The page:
Furthermore, Miller held the Eighth Amendment prohibits the imposition of an LWOP sentence upon a juvenile offender unless the sentencing court considers the offender's “chronological age and its hallmark features—among them, immaturity, impetuosity, and failure to appreciate risks and consequences,” as well as the offender's “family and home environment” and “the circumstances of the homicide offense, including the extent of his participation in the conduct and the way familial and peer pressures may have affected him.” (Miller, supra, 132 S.Ct. at p. 2468.) Thus, the Miller rule constitutes a new substantive rule, and is not subject to Teague 's retroactivity bar, because it prohibits “a certain category of punishment [LWOP] for a class of defendants [juvenile offenders convicted of homicide] because of their status [chronological age and its hallmark features] or offense.” (Penry v. Lynaugh (1989) 492 U.S. 302, 330 [106 L.Ed.2d 256, 109 S.Ct. 2934], abrogated on other grounds by Atkins v. Virginia, supra, 536 U.S. 304.) In short, the Miller rule—prohibiting the imposition of an LWOP sentence on a juvenile offender absent a consideration of the juvenile “chronological age and its hallmark features” (Miller, supra, 132 S.Ct. at pp. 2468–2469)—applies retroactively because it “ ‘necessarily carr[ies] a significant risk that a defendant ․ faces a punishment that the law cannot impose upon him.’ “ (Schriro, supra, 542 U.S. at p. 352.)
We therefore conclude Miller announced a new substantive rule that applies retroactively to cases on collateral review.
Turning to the merits of Rainey's claim, he contends he is entitled to habeas relief under Miller on two separate grounds. First, he asserts California's presumption of LWOP for any special circumstance murder committed by a juvenile violates the command of Miller that such sentences must be the exception rather than the norm. Second, he maintains his sentence must be vacated because the trial court did not adequately consider the distinctive mitigating circumstances of his youth and background, as required by Miller.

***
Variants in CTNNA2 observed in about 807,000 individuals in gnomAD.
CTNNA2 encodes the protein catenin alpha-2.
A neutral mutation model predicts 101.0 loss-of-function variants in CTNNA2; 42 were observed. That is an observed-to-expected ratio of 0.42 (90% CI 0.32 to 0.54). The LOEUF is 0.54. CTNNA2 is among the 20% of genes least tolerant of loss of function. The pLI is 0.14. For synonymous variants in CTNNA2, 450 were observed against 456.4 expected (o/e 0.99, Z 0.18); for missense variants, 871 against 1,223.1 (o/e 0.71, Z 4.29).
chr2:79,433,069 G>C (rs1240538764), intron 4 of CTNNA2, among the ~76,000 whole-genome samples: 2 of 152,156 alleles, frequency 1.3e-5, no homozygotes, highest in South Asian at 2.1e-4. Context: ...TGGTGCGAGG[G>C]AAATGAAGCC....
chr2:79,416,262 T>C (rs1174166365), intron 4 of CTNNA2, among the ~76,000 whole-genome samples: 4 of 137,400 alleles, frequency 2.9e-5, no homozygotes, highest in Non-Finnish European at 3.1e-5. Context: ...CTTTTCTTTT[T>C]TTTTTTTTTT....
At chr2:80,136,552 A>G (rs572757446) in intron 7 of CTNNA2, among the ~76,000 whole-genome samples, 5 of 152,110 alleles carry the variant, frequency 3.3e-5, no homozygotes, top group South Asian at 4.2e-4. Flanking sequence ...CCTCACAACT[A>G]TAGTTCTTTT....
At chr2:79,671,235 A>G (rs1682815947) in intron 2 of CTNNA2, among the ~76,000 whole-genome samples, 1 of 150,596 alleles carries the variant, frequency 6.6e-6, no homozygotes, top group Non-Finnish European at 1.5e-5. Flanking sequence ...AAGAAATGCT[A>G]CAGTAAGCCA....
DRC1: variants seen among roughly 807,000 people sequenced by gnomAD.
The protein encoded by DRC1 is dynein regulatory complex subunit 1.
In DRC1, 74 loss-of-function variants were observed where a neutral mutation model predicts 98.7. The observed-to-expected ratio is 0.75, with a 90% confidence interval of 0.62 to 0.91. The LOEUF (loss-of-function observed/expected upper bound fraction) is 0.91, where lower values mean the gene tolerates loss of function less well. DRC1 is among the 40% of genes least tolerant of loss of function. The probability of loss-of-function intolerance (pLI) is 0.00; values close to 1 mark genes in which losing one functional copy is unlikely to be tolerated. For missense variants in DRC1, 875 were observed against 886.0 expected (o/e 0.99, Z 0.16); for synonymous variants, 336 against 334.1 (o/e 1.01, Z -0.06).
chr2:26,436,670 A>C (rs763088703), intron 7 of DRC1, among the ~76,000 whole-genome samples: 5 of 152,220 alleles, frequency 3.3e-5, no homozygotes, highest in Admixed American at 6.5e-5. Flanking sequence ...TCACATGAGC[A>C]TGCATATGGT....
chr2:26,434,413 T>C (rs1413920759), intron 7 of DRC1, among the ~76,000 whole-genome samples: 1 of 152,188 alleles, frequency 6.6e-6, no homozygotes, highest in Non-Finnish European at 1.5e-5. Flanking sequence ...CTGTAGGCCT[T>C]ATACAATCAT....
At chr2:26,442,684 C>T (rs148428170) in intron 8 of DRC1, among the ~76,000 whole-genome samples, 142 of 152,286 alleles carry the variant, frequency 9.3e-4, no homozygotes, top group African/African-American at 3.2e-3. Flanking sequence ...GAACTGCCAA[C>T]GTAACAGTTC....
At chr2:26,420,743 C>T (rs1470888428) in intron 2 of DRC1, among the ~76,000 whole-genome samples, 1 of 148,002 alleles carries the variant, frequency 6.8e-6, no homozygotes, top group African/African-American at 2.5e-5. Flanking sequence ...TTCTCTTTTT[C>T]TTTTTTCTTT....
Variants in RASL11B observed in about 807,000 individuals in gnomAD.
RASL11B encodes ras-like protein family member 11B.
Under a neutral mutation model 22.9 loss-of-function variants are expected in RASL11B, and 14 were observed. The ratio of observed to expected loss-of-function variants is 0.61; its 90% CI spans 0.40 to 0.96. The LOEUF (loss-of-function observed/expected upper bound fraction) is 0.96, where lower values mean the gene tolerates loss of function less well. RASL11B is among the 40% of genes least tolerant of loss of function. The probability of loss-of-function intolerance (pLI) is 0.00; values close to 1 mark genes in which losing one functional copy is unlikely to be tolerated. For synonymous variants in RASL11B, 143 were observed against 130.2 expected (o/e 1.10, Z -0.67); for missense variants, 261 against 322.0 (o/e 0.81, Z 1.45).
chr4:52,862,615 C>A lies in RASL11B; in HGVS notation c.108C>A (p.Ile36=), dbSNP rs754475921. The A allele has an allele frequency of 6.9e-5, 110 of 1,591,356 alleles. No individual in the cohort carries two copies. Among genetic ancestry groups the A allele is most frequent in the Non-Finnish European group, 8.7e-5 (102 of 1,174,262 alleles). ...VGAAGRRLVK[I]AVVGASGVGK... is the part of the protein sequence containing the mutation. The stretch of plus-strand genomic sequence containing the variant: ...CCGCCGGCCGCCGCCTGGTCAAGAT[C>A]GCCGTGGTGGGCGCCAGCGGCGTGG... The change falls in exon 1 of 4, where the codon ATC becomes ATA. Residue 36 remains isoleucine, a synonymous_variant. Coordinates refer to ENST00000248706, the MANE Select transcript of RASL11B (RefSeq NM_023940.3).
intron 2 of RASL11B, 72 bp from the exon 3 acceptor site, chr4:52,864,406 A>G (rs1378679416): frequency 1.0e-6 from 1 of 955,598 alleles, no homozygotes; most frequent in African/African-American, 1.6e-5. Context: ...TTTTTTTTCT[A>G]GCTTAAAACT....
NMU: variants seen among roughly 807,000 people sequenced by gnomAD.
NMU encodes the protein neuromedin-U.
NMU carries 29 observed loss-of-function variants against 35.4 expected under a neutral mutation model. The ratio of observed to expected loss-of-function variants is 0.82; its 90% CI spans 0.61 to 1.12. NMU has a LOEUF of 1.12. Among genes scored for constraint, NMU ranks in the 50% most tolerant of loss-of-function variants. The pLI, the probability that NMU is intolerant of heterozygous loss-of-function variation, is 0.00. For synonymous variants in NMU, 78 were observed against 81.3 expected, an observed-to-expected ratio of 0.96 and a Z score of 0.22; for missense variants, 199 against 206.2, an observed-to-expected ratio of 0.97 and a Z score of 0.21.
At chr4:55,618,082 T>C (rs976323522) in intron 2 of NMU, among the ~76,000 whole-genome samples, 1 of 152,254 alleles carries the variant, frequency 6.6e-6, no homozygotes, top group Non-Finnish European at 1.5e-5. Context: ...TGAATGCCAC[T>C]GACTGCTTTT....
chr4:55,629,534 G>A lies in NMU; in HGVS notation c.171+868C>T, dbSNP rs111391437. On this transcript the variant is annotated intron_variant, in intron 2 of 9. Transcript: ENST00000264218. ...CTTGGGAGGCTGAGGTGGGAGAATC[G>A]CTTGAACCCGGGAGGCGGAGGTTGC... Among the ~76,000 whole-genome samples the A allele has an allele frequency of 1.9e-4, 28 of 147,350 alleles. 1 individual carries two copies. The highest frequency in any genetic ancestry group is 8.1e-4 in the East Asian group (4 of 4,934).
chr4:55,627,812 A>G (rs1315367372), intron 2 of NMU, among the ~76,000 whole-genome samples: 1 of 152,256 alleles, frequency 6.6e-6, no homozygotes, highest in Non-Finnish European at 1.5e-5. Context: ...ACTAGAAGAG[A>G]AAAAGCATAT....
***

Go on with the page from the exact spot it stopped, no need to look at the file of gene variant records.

As to the first asserted ground for relief, a review of the sentencing documents included in the appendix to the habeas petition does not support the conclusion the trial court imposed the LWOP sentence in a presumptive manner.5 Rather, the record indicates the sentencing court understood it could choose to impose the lesser punishment of 25 years to life.
Nevertheless, we conclude Rainey is entitled to habeas relief on the second ground asserted. The record demonstrates the sentencing judge imposed LWOP on the basis of several factors, including Rainey's lengthy juvenile court record, the jury's special circumstance finding that he committed murder during a robbery, the jury's finding Rainey personally used a firearm during the commission of the crime, and the court's determination he “knew what he was doing and ․ knew the danger in which he was involved.” Missing from the court's sentencing discourse is a full consideration of the factors, now constitutionally mandated under Miller, related to “the distinctive attributes of youth [that] diminish the penological justifications for imposing the harshest sentences on juvenile offenders, even when they commit terrible crimes.” (Miller, supra, 132 S. Ct at p. 2465.) Because Miller requires sentencing courts to consider “how children are different, and how those differences counsel against irrevocably sentencing them to a lifetime in prison” (id. at p. 2469), and the trial court here did not consider the “hallmark features” of youth now mandated under Miller (id. at p. 2468), we conclude habeas relief must be granted.